LET THE MARKET TAKE CARE OF IT: Ironically enough, rising interest rates that give banks higher profit margins may help community banks more than anything. Among other things, some banks could use their own increased capital to compete more effectively in a developing online-lending environment that has been dominated by big banks. So while business borrowers don’t like to pay higher rates, they may see it as a worthwhile price for getting back their local banker.


MORE LIKE THIS

  • Get the CEO Briefing

    Sign up today to get weekly access to the latest issues affecting CEOs in every industry
  • upcoming events

    Roundtable

    Strategic Planning Workshop

    1:00 - 5:00 pm

    Over 70% of Executives Surveyed Agree: Many Strategic Planning Efforts Lack Systematic Approach Tips for Enhancing Your Strategic Planning Process

    Executives expressed frustration with their current strategic planning process. Issues include:

    1. Lack of systematic approach (70%)
    2. Laundry lists without prioritization (68%)
    3. Decisions based on personalities rather than facts and information (65%)

     

    Steve Rutan and Denise Harrison have put together an afternoon workshop that will provide the tools you need to address these concerns.  They have worked with hundreds of executives to develop a systematic approach that will enable your team to make better decisions during strategic planning.  Steve and Denise will walk you through exercises for prioritizing your lists and steps that will reset and reinvigorate your process.  This will be a hands-on workshop that will enable you to think about your business as you use the tools that are being presented.  If you are ready for a Strategic Planning tune-up, select this workshop in your registration form.  The additional fee of $695 will be added to your total.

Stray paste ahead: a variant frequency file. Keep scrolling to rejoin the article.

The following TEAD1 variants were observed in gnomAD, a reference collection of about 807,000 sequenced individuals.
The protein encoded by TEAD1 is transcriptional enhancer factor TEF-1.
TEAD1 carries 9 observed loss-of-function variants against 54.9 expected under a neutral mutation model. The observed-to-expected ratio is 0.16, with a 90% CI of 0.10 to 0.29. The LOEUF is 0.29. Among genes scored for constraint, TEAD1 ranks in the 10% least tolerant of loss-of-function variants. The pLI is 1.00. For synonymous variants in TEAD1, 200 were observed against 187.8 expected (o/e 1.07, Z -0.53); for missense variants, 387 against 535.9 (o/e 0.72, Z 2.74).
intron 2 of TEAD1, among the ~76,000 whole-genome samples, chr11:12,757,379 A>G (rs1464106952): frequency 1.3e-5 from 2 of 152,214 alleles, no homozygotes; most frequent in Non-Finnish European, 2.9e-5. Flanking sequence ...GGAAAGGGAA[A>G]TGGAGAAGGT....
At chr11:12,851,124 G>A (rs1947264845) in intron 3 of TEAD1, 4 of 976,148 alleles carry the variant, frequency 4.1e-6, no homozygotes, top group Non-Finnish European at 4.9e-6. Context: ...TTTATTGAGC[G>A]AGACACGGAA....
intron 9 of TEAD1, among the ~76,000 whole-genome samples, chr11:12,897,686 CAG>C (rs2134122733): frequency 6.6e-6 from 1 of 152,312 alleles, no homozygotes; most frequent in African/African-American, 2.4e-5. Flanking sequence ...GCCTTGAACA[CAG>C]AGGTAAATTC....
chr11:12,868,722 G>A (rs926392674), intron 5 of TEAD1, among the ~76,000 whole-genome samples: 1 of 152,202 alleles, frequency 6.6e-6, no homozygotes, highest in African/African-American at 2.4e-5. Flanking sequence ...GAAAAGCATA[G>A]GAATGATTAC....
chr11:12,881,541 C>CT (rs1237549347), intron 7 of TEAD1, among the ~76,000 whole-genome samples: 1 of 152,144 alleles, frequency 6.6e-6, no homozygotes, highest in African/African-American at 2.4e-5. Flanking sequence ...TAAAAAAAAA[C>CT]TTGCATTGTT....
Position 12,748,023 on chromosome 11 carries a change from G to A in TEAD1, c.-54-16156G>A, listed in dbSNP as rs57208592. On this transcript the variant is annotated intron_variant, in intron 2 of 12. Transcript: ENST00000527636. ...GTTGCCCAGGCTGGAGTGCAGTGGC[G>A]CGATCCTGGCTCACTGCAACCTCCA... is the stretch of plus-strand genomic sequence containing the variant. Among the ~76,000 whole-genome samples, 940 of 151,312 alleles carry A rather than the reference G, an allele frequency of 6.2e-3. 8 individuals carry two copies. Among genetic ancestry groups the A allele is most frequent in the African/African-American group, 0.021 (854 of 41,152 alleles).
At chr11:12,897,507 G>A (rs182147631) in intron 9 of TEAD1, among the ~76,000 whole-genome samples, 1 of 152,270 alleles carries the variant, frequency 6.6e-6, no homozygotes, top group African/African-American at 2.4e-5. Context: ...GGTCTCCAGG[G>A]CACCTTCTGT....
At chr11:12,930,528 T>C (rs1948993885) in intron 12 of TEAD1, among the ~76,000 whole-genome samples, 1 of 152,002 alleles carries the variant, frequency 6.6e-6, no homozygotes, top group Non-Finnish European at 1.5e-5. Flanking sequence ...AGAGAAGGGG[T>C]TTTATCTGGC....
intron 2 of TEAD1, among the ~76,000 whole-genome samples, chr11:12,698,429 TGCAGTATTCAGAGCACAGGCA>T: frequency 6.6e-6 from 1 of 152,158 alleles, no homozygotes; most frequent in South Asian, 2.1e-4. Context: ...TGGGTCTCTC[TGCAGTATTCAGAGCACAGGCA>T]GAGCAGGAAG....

To sign up, select this option in your registration form. Additional fee of $695 will be added to your total.

    New York, NY: ​​​Chief Executive's Corporate Citizenship Awards 2017

    Women in Leadership Seminar and Peer Discussion

    2:00 - 5:00 pm

    Female leaders face the same issues all leaders do, but they often face additional challenges too. In this peer session, we will facilitate a discussion of best practices and how to overcome common barriers to help women leaders be more effective within and outside their organizations. 

    Limited space available.

    To sign up, select this option in your registration form. Additional fee of $495 will be added to your total.

    Golf Outing

    10:30 - 5:00 pm
    General’s Retreat at Hermitage Golf Course
    Sponsored by UBS

    General’s Retreat, built in 1986 with architect Gary Roger Baird, has been voted the “Best Golf Course in Nashville” and is a “must play” when visiting the Nashville, Tennessee area. With the beautiful setting along the Cumberland River, golfers of all capabilities will thoroughly enjoy the golf, scenery and hospitality.

    The golf outing fee includes transportation to and from the hotel, greens/cart fees, use of practice facilities, and boxed lunch. The bus will leave the hotel at 10:30 am for a noon shotgun start and return to the hotel after the cocktail reception following the completion of the round.

    To sign up, select this option in your registration form. Additional fee of $295 will be added to your total.